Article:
Iceland get the party started after showing they are no one-hit wonders

Iceland are going to their first World Cup and have reached the big time again without losing any of their small-time charm, with the coach addressing fans in a bar before the decisive win over Kosovo

Amid the flurry of bodies there was, fleetingly, a moment when Gylfi Sigurdsson just wanted to take it all in. Three hours had passed since full-time and the music had never really stopped; now Iceland’s players and staff were dancing on stage with the local rapper Emmsje Gauti and if a football match is exertion enough then this, feeding from the energy of the thousands who had greeted them on Ingolfstorg, was an exercise fuelled purely by adrenaline. Sigurdsson paused, puffed out his cheeks slightly and had a word in the ear of his team-mate and captain, Aron Gunnarsson. Both men glanced at the blue-clad throng in front of them, and back at each other. The grins that spread across their faces rendered further conversation unnecessary.

“I thought that, after the Euros, the toughest thing to do would be to restart,” the Iceland manager, Heimir Hallgrimsson, had said earlier back at Laugardalsvollur, which emptied swiftly after the 2-0 win over Kosovo in order that the celebrations might continue in Reykjavik’s city centre. “The first beer the day after a party is not good-tasting; I think tomorrow it won’t taste as good as now.”

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Iceland are going to their first World Cup and have reached the big time again without losing any of their small-time charm, with the coach addressing fans in a bar before the decisive win over KosovoAmid the flurry of bodies there was, fleetingly, a moment when Gylfi Sigurdsson just wanted to take it all in. Three hours had passed since full-time and the music had never really stopped; now Iceland’s players and staff were dancing on stage with the local rapper Emmsje Gauti and if a football match is exertion enough then this, feeding from the energy of the thousands who had greeted them on Ingolfstorg, was an exercise fuelled purely by adrenaline. Sigurdsson paused, puffed out his cheeks slightly and had a word in the ear of his team-mate and captain, Aron Gunnarsson. Both men glanced at the blue-clad throng in front of them, and back at each other. The grins that spread across their faces rendered further conversation unnecessary.“I thought that, after the Euros, the toughest thing to do would be to restart,” the Iceland manager, Heimir Hallgrimsson, had said earlier back at Laugardalsvollur, which emptied swiftly after the 2-0 win over Kosovo in order that the celebrations might continue in Reykjavik’s city centre. “The first beer the day after a party is not good-tasting; I think tomorrow it won’t taste as good as now.” Continue reading…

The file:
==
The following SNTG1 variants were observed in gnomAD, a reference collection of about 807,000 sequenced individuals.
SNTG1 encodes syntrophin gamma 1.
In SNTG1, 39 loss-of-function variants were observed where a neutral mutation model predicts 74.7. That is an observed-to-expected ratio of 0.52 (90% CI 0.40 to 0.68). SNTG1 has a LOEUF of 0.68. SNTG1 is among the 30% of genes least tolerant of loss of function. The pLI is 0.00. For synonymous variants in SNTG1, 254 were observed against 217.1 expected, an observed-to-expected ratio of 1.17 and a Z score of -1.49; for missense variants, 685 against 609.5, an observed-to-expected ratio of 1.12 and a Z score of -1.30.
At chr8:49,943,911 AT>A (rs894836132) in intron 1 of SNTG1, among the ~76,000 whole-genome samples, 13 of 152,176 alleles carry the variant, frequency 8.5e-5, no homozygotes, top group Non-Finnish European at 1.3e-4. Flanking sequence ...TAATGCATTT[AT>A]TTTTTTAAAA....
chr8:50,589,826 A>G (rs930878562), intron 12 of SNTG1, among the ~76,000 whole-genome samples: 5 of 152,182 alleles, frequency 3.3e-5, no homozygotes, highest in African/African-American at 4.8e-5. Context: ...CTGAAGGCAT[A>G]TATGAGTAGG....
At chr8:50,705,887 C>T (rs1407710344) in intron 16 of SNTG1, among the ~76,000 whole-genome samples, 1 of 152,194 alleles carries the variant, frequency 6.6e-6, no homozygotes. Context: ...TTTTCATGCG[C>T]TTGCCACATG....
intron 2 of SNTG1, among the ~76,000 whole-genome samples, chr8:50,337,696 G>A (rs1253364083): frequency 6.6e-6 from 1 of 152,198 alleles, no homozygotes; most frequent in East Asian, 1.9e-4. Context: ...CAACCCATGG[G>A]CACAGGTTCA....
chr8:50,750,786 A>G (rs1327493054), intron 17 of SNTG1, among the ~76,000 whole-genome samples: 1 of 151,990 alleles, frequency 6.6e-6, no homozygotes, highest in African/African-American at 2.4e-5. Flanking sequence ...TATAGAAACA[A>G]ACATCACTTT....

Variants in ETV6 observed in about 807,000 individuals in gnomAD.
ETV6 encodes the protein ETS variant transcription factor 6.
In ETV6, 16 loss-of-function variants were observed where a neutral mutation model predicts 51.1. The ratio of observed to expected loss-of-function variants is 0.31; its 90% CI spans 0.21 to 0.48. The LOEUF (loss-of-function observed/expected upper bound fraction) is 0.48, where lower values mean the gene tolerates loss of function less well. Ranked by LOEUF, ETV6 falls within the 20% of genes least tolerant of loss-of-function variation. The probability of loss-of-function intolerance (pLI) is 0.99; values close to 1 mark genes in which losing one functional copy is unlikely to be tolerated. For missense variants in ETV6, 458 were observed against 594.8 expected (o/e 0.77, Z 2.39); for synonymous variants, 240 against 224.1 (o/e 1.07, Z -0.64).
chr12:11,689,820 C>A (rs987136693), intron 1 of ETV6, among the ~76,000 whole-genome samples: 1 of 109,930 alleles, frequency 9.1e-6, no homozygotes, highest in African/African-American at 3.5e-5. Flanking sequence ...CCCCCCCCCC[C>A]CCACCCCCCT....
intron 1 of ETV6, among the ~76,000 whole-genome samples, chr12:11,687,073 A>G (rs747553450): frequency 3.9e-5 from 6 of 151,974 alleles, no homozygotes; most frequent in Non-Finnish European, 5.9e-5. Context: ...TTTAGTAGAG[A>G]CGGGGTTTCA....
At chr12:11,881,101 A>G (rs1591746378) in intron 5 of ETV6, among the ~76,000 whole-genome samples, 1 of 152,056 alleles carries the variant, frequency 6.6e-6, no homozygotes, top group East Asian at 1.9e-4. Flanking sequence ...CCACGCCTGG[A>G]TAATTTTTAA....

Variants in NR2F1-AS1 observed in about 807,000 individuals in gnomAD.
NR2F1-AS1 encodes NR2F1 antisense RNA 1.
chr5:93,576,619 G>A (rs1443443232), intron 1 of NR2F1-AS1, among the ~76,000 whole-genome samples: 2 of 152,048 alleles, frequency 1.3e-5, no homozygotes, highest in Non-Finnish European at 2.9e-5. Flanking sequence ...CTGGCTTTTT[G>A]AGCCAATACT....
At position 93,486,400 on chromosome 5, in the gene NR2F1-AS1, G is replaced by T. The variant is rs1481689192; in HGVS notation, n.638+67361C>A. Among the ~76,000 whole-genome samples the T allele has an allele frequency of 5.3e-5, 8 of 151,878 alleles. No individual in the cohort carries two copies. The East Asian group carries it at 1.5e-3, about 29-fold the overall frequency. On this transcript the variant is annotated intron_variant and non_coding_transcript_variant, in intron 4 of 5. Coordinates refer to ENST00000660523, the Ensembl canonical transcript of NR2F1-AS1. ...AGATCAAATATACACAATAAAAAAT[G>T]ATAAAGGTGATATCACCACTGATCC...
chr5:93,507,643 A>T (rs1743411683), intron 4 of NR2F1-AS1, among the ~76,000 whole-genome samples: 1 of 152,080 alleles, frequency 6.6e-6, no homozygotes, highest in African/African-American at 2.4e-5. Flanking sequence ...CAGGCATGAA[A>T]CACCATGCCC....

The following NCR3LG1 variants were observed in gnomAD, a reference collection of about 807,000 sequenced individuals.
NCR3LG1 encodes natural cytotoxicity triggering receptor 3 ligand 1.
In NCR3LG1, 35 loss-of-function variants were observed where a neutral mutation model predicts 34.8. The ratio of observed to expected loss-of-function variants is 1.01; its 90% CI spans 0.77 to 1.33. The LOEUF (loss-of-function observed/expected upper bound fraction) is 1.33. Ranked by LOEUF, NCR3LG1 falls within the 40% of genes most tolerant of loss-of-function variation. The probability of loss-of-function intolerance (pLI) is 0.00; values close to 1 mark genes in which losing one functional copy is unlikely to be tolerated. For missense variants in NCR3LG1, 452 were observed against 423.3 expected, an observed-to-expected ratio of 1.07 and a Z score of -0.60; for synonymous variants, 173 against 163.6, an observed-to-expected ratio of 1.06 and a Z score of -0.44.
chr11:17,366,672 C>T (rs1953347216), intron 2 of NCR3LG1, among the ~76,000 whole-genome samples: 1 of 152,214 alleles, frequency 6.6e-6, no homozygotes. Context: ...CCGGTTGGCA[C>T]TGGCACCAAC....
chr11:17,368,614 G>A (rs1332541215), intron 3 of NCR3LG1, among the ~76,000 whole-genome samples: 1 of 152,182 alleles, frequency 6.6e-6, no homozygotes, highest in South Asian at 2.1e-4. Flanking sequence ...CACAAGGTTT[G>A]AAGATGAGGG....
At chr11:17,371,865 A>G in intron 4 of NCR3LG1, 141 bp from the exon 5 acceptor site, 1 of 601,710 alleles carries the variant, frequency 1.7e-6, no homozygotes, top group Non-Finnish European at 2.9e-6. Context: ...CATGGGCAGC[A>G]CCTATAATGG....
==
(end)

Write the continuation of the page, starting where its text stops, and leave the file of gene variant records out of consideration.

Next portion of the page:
https://www.theguardian.com/football/2017/oct/10/iceland-world-cup-party

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